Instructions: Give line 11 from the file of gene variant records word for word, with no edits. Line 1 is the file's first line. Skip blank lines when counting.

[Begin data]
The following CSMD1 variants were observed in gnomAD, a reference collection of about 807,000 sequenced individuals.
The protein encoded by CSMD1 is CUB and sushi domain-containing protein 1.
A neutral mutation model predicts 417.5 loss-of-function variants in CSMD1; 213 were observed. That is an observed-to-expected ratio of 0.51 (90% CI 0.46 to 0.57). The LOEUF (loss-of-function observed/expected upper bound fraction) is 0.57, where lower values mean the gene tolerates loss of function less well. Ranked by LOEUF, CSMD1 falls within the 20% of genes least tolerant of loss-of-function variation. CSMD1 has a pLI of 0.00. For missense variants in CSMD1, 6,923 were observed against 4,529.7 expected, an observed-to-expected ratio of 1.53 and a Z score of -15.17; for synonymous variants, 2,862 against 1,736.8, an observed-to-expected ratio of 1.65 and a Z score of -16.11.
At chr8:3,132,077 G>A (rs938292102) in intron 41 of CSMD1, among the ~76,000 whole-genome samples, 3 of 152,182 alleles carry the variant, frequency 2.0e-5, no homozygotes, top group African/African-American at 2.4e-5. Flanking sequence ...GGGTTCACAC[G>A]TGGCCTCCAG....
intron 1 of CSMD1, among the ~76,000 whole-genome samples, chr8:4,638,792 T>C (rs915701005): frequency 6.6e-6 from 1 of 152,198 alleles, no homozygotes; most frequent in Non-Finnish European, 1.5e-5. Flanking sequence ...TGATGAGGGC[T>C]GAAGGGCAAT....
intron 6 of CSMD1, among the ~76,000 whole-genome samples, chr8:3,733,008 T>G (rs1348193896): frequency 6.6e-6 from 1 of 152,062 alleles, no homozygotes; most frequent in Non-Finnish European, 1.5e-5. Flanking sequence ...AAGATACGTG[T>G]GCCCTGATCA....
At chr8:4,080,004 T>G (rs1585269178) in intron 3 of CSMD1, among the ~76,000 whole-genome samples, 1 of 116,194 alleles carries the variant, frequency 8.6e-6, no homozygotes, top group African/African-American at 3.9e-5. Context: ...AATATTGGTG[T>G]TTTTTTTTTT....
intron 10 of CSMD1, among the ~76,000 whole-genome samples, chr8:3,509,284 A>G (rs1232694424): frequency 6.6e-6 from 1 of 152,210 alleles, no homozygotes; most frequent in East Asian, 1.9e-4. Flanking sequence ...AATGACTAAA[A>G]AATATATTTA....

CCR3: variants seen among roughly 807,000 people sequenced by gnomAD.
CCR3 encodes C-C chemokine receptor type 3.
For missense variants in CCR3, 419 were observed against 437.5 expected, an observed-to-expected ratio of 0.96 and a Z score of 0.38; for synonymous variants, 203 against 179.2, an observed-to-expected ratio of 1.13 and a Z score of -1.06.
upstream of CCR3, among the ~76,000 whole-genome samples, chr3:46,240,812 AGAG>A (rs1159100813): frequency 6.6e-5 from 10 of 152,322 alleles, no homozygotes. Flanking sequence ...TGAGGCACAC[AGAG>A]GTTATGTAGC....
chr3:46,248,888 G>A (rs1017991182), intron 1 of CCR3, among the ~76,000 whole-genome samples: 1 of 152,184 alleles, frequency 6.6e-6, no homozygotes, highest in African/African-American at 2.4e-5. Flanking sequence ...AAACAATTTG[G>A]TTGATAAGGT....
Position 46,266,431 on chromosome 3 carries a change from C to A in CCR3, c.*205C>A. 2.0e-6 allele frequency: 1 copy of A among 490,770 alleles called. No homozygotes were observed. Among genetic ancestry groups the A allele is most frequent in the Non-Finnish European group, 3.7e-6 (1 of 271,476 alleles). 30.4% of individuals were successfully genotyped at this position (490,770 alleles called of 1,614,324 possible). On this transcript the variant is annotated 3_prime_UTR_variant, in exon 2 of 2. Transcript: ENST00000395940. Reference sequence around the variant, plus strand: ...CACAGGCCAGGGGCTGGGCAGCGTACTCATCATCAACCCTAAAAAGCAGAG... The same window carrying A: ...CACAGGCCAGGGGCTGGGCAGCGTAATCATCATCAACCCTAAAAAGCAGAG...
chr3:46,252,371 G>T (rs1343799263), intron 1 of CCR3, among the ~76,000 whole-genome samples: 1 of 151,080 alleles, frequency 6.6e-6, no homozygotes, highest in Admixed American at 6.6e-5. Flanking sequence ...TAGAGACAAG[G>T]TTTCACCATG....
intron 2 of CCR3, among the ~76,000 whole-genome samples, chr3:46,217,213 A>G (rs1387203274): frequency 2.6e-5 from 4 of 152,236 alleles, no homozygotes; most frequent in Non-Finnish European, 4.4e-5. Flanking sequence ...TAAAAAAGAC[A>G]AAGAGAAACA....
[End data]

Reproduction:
For missense variants in CCR3, 419 were observed against 437.5 expected, an observed-to-expected ratio of 0.96 and a Z score of 0.38; for synonymous variants, 203 against 179.2, an observed-to-expected ratio of 1.13 and a Z score of -1.06.